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Wolf’s Lair Photos: Hitler’s Bunker in Poland

Visiting Wolf's Lair involves seeing the concrete and steel remnants of Hitler's bunker and the whole Wolfschanze camp in the Masurian Lake district of Poland.
In a beautiful green forest in northern Poland, just 8 kilometers east of the town of Ketrzyn, lies one of Hitler’s major bases during the second World War. What remains there today is a huge network of ruined concrete bunkers, plenty of towering green trees and a hotel that used to be an SS Barracks.

A Brief History of Wolf’s Lair

Hitler gave orders for the complex near Ketrzyn in mid 1940. He picked the Goerlitz forest in the Masurian Lake district because it was clear it would provide great camouflage. An existing train station was used and extended to accommodate the new demand, and the railway soon became exclusively for military use. At first, the bunkers and other buildings at Wolf’s Lair were built as wooden structures with some concrete covering, by 1944 many of the buildings were covered with roofs of concrete up to four meters thick.
Location of the Wolf's Lair in present-day borders



Hitler in fact spent 800 days at Wolf’s Lair between 1941 and 1944. It was also the location of the famous assassination attempt against Hitler when Colonel von Stauffenberg tried to explode a bomb hidden in a briefcase left near Hitler – but the attempt failed when the heavy wooden table protected Hitler.
Map of the complex Wolf’s Lair - Hitler’s Bunker in Poland

When the Russians advanced through Poland in 1944, the Nazis fled the complex but destroyed as much as possible first to avoid leaving something useful for the Red Army. As a result, most of the bunkers you can see today are in ruins – but in fact that makes it all the more interesting to see.


What to See at Wolf’s Lair

You can either experience Wolf’s Lair with the help of a local guide (they’re easy to locate in the car park area) or by doing a self-guided walk. Printed walking guides are available to buy at the shop next to the car park and you can then walk around at your own pace, examining each bunker and imagining who stayed there and what happened. The largest bunker you’ll see, of course, belonged to Hitler, but Göring had quite a decent house attached to his.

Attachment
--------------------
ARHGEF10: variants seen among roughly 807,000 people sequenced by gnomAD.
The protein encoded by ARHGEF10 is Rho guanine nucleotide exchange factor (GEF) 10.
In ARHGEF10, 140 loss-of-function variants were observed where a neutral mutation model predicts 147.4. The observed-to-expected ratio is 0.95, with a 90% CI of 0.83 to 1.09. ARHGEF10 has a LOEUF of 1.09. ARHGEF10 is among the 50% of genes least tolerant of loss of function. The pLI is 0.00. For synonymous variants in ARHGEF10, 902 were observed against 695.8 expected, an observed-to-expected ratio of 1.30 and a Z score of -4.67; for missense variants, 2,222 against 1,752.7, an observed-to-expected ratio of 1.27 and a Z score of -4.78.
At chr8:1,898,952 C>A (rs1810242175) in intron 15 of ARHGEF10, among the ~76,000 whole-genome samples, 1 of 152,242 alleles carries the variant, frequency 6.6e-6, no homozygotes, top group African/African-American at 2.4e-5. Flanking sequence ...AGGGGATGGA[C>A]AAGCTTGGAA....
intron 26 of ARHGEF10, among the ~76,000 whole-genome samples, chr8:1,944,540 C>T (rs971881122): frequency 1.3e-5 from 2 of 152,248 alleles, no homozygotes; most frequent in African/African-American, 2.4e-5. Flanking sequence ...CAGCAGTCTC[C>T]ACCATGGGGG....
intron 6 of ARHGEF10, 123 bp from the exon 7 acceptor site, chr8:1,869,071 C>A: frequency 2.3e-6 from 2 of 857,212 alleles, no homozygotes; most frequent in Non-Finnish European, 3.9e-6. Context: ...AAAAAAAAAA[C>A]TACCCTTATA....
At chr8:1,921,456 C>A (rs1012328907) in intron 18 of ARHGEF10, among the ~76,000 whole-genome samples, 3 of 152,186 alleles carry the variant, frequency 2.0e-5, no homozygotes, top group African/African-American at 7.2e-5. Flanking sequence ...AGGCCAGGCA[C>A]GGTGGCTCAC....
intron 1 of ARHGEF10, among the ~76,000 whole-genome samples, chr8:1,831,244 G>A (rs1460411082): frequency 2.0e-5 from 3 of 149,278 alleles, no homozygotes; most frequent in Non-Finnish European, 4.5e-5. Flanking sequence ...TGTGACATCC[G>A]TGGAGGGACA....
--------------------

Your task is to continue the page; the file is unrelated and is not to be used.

Mazurian Forest - Entrance to Wolf's Lair,
once filled with over 10,000 land mines

Although it’s quite a dark place to visit, especially when you reflect on the kinds of decisions and discussions that were made here, it is a fascinating and in some ways beautiful place to explore. Over the years trees, plants and mosses have grown over many parts of the concrete bunkers, although it’s possible to still walk inside some of them. As a combination of history and nature, it’s a memorable visit to make.

Hitler's Bunker at Wolf's Lair
Destroyed Bunker -
see the walls leaning out and the roof caved in
Climbing the ladder outside Goring's Bunker
In front of Hitler's Bunker
Inside Goring's Bunker
Interior of a Bunker Hitler’s Bunker in Poland
Internal Stair at Wolf's Lair Bunker
Remains of the largest bunker (Hitler's) at Wolfsschanze.
Its height may be gauged by the doorway at the lower left.
Von Stauffenberg Memorial at Wolf's Lair
Von Stauffenberg Memorial at Wolf's Lair
Hitlers bunker site at the Wolfs Lair, Poland
Hitlers bunker site at the Wolfs Lair, Poland

Hitlers bunker site at the Wolfs Lair, Poland

Hitlers bunker site at the Wolfs Lair, Poland

Hitlers bunker site at the Wolfs Lair, Poland

Hitlers bunker site at the Wolfs Lair, Poland

Hitlers bunker site at the Wolfs Lair, Poland

Hitlers bunker site at the Wolfs Lair, Poland
Weekly Snapshot -
Hitler’s Bunker at The Wolf’s Lair
Wolf's Lair partially destroyed bunker
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